Science has long known that people use brainwaves to make sense of what they’re seeing and hearing, and the latest evidence suggests that our brains have a similar mechanism for communicating.
The brain uses “neural activity,” or electrical signals that travel between the brain and the rest of the body, to generate images and other information.
“Neural activity is an incredibly powerful and pervasive phenomenon, that we all rely on at times to make decisions,” says Paul Buss, a cognitive scientist at the University of Bristol in the UK.
The researchers who’ve studied the neural mechanisms behind the brain’s ability to form impressions of the world, however, are still struggling to tease out how this neural activity works in practice.
Buss and his colleagues found that, in a trial involving both a human participant and a model dog, they could actually measure how a participant’s brain responded to a dog’s vocalization and to a video clip that showed a dog running.
Buses and his team say that the findings support a model that neural activity could be used to determine whether the dog’s behavior was “advertisable.”
The research, published in Proceedings of the National Academy of Sciences, was conducted by researchers from Bristol, the University and the University at Buffalo.
They also used EEG technology to study the brains of two dogs that had been trained to associate sounds with certain emotions.
For example, the researchers found that dogs that associate the sound of a barking dog with fear react more strongly to the dog.
Dogs that associate a dog barking with joy react less strongly.
In one experiment, the dogs were paired with a “dog who is not happy,” or a “neutral dog.”
In the other experiment, they were paired “dog with happy,” and the dogs’ brains responded to the sounds.
This led the researchers to believe that the dogs had a neural circuit that could “interpret” the dog, Buss told Business Insider.
But the researchers weren’t able to measure whether the dogs recognized the sounds that they heard as happy or sad, because they didn’t have the recordings from the dogs in the laboratory.
They were also unable to measure how the neural circuits in the dogs affected their behavior.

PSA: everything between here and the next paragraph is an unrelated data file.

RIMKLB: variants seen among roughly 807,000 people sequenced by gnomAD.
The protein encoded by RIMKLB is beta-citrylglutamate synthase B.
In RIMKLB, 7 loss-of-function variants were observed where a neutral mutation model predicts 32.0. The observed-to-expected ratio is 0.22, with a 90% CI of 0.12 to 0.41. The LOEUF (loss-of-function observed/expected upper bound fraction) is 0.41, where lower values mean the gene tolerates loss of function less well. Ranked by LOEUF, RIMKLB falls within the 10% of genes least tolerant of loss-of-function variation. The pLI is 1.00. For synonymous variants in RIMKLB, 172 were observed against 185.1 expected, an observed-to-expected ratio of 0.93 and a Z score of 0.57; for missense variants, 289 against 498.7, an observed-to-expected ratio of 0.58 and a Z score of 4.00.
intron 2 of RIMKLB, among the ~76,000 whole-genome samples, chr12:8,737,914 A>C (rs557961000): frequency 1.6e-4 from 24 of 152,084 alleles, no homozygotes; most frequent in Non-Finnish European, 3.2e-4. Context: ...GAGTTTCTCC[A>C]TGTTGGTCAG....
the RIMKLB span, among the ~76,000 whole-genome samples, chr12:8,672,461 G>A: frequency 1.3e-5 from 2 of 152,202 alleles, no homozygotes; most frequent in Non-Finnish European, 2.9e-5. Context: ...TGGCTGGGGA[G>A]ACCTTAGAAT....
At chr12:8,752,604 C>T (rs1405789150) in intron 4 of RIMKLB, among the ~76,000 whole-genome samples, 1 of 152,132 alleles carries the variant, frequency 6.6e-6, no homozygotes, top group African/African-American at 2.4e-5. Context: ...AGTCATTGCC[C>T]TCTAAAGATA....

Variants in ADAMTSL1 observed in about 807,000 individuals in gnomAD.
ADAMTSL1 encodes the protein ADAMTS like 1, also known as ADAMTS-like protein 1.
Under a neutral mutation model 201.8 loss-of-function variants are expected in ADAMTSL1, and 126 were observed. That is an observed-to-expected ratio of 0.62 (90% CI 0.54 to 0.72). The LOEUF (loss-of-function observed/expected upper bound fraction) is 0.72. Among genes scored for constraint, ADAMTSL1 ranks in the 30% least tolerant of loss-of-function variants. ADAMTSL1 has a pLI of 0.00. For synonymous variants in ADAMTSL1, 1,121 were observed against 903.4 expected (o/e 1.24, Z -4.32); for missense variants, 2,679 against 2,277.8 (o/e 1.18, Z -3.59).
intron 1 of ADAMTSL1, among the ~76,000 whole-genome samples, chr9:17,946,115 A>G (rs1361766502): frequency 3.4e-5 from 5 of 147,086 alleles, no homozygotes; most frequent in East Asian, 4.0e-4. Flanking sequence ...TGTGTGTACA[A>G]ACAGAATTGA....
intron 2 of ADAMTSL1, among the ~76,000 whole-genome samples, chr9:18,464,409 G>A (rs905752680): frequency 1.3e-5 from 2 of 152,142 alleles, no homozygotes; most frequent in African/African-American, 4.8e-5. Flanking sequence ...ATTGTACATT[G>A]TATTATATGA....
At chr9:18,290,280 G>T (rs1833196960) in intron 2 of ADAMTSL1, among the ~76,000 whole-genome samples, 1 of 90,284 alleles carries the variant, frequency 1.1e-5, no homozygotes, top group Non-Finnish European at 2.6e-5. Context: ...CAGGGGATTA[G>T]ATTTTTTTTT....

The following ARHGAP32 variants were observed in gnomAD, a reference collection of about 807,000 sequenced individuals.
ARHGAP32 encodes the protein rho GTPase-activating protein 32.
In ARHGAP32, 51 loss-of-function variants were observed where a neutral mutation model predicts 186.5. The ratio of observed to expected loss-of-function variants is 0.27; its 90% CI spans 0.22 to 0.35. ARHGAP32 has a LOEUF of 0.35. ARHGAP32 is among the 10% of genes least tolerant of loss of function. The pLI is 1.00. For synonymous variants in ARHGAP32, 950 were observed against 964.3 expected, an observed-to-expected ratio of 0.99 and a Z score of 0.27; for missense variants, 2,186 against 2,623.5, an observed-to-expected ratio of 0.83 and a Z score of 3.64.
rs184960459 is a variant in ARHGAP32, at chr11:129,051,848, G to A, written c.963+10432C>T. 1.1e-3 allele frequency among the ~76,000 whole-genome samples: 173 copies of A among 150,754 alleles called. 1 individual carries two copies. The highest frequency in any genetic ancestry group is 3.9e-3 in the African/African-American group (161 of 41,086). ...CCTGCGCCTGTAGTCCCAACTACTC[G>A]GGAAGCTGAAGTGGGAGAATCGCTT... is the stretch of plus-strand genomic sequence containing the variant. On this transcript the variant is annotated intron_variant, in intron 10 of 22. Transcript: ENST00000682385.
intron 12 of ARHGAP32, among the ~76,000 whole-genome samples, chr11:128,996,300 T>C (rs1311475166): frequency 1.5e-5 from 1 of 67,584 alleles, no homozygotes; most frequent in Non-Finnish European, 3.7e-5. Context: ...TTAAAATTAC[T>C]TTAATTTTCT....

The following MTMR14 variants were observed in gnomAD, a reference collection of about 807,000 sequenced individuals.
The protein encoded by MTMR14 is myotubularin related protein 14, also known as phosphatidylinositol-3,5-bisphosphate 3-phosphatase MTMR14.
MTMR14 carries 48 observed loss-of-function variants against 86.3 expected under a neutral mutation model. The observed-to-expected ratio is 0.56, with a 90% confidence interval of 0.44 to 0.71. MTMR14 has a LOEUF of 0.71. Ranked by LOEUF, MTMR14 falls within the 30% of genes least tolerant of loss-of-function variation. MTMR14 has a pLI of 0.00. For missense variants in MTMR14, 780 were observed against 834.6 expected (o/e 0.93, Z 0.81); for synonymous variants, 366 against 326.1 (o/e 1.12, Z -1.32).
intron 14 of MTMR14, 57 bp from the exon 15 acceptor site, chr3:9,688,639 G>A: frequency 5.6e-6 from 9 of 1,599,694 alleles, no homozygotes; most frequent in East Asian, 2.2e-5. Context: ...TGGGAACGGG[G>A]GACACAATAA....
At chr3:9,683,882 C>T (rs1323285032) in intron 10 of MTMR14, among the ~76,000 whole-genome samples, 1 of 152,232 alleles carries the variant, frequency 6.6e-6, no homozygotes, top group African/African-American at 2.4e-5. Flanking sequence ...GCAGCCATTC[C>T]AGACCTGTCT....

What they did find was that when a dog was presented with a new sound, such as a click or a whiny tone, the brains responded differently.
The scientists used EEG-based functional MRI (fMRI) technology to record the activity in the brains and compare it to that in the dog in a separate experiment.
The results showed that the brain processes the sound differently depending on the stimulus it was presented to, which Buss said was an “important finding.”
It’s the same brain activity that the researchers say can tell us whether a dog is happy or not, Buses said.
It’s an example of how the brain can interpret a sound to produce a different response in different situations, he said.
The study also showed that when the dogs “felt threatened, their brains responded in a different way than those that didn’t,” Buss added.
He explained that when dogs are fearful, their brain’s neural circuits “are wired up in a way that is designed to make the dogs more fearful,” he said, and they respond in a similar way to a click.
This pattern of neural activity also shows that the way that the brains “interpret sounds” is “not limited to how we interpret sounds,” Buses added.
The findings also suggest that the neural pathways that are activated when a sound is presented may be used in different contexts, such that a dog could be “reluctant to hear a vocalized threat” if the sounds are not threatening.
“It’s not about the sound itself,” Buhls said.
“We can predict the sound and the response of the neural circuit, but we don’t have a full picture of the brain when it does that.”
The researchers also showed how the same neural circuits that can be used for perception also affect the brain during other kinds of cognitive tasks.
For instance, they found that the “fearful dog” showed activity in a region of the visual cortex that “was activated when we saw a fearful face, when we had to decide whether to look at that face,” Bums said.
In other words, when the researchers looked at the dog “from the outside,” they could predict that the dog would react the same way as the human participant, and it did.
That also showed a relationship between the two brain areas.
Buhs said that the research also showed “that the neural systems involved in understanding faces are also involved in interpreting faces from the outside.”
“We are finding that our brain can tell whether something is positive or negative,” he added.
“That’s what makes it very interesting.”
Buss also noted that the results of the study showed that people who use visual information to make choices in a world of other people can “have their brains activated when they make decisions” in a “world that is not like our